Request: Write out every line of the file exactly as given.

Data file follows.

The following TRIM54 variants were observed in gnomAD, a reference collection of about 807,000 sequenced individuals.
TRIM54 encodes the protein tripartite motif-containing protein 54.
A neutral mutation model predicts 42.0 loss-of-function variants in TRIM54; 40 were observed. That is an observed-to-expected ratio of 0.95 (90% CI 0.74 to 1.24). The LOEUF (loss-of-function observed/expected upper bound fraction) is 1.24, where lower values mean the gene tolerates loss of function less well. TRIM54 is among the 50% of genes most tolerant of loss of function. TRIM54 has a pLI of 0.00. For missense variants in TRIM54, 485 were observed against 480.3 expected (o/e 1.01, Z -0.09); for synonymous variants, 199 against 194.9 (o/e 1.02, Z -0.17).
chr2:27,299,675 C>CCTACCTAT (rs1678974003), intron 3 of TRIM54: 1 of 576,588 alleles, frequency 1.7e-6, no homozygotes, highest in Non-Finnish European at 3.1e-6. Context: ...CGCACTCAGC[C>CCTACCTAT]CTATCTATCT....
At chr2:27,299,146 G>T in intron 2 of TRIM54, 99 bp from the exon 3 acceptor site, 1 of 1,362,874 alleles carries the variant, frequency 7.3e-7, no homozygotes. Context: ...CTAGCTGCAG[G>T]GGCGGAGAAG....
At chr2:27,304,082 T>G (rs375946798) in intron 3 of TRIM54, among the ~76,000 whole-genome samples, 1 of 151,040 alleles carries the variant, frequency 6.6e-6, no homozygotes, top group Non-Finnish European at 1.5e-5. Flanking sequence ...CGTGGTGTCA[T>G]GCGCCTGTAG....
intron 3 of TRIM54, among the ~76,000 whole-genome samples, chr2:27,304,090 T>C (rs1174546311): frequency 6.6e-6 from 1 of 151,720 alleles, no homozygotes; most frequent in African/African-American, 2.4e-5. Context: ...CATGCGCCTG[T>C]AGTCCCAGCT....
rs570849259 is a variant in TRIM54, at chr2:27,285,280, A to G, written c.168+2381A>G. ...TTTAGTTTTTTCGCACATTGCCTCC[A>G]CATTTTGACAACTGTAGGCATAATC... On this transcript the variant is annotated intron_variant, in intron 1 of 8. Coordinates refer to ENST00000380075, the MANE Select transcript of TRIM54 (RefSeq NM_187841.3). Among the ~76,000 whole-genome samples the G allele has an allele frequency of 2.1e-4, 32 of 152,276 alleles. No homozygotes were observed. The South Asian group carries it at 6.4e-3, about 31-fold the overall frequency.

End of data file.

The following TRIM54 variants were observed in gnomAD, a reference collection of about 807,000 sequenced individuals.
TRIM54 encodes the protein tripartite motif-containing protein 54.
A neutral mutation model predicts 42.0 loss-of-function variants in TRIM54; 40 were observed. That is an observed-to-expected ratio of 0.95 (90% CI 0.74 to 1.24). The LOEUF (loss-of-function observed/expected upper bound fraction) is 1.24, where lower values mean the gene tolerates loss of function less well. TRIM54 is among the 50% of genes most tolerant of loss of function. TRIM54 has a pLI of 0.00. For missense variants in TRIM54, 485 were observed against 480.3 expected (o/e 1.01, Z -0.09); for synonymous variants, 199 against 194.9 (o/e 1.02, Z -0.17).
chr2:27,299,675 C>CCTACCTAT (rs1678974003), intron 3 of TRIM54: 1 of 576,588 alleles, frequency 1.7e-6, no homozygotes, highest in Non-Finnish European at 3.1e-6. Context: ...CGCACTCAGC[C>CCTACCTAT]CTATCTATCT....
At chr2:27,299,146 G>T in intron 2 of TRIM54, 99 bp from the exon 3 acceptor site, 1 of 1,362,874 alleles carries the variant, frequency 7.3e-7, no homozygotes. Context: ...CTAGCTGCAG[G>T]GGCGGAGAAG....
At chr2:27,304,082 T>G (rs375946798) in intron 3 of TRIM54, among the ~76,000 whole-genome samples, 1 of 151,040 alleles carries the variant, frequency 6.6e-6, no homozygotes, top group Non-Finnish European at 1.5e-5. Flanking sequence ...CGTGGTGTCA[T>G]GCGCCTGTAG....
intron 3 of TRIM54, among the ~76,000 whole-genome samples, chr2:27,304,090 T>C (rs1174546311): frequency 6.6e-6 from 1 of 151,720 alleles, no homozygotes; most frequent in African/African-American, 2.4e-5. Context: ...CATGCGCCTG[T>C]AGTCCCAGCT....
rs570849259 is a variant in TRIM54, at chr2:27,285,280, A to G, written c.168+2381A>G. ...TTTAGTTTTTTCGCACATTGCCTCC[A>G]CATTTTGACAACTGTAGGCATAATC... On this transcript the variant is annotated intron_variant, in intron 1 of 8. Coordinates refer to ENST00000380075, the MANE Select transcript of TRIM54 (RefSeq NM_187841.3). Among the ~76,000 whole-genome samples the G allele has an allele frequency of 2.1e-4, 32 of 152,276 alleles. No homozygotes were observed. The South Asian group carries it at 6.4e-3, about 31-fold the overall frequency.